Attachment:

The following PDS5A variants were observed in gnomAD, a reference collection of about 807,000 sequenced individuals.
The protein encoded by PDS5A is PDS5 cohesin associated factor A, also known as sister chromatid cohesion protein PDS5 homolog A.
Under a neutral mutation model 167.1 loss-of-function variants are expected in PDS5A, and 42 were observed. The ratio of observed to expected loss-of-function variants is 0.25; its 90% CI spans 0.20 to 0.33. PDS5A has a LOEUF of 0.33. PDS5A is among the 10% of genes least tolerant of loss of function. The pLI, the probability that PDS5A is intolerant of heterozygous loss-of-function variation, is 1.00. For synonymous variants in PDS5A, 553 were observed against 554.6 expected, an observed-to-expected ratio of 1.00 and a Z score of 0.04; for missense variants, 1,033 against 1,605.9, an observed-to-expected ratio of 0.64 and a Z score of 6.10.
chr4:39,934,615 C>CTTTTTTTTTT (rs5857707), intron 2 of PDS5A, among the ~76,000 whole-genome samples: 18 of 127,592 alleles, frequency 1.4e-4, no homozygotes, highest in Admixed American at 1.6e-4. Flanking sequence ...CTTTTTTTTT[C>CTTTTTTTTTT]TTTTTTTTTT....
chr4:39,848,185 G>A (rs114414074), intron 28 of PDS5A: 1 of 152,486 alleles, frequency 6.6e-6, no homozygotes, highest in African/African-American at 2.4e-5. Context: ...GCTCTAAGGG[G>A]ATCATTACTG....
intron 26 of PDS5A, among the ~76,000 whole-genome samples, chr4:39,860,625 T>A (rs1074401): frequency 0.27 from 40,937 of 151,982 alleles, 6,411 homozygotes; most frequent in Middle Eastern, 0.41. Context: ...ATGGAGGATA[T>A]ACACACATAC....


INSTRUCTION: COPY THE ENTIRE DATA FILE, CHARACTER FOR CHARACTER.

The following PDS5A variants were observed in gnomAD, a reference collection of about 807,000 sequenced individuals.
The protein encoded by PDS5A is PDS5 cohesin associated factor A, also known as sister chromatid cohesion protein PDS5 homolog A.
Under a neutral mutation model 167.1 loss-of-function variants are expected in PDS5A, and 42 were observed. The ratio of observed to expected loss-of-function variants is 0.25; its 90% CI spans 0.20 to 0.33. PDS5A has a LOEUF of 0.33. PDS5A is among the 10% of genes least tolerant of loss of function. The pLI, the probability that PDS5A is intolerant of heterozygous loss-of-function variation, is 1.00. For synonymous variants in PDS5A, 553 were observed against 554.6 expected, an observed-to-expected ratio of 1.00 and a Z score of 0.04; for missense variants, 1,033 against 1,605.9, an observed-to-expected ratio of 0.64 and a Z score of 6.10.
chr4:39,934,615 C>CTTTTTTTTTT (rs5857707), intron 2 of PDS5A, among the ~76,000 whole-genome samples: 18 of 127,592 alleles, frequency 1.4e-4, no homozygotes, highest in Admixed American at 1.6e-4. Flanking sequence ...CTTTTTTTTT[C>CTTTTTTTTTT]TTTTTTTTTT....
chr4:39,848,185 G>A (rs114414074), intron 28 of PDS5A: 1 of 152,486 alleles, frequency 6.6e-6, no homozygotes, highest in African/African-American at 2.4e-5. Context: ...GCTCTAAGGG[G>A]ATCATTACTG....
intron 26 of PDS5A, among the ~76,000 whole-genome samples, chr4:39,860,625 T>A (rs1074401): frequency 0.27 from 40,937 of 151,982 alleles, 6,411 homozygotes; most frequent in Middle Eastern, 0.41. Context: ...ATGGAGGATA[T>A]ACACACATAC....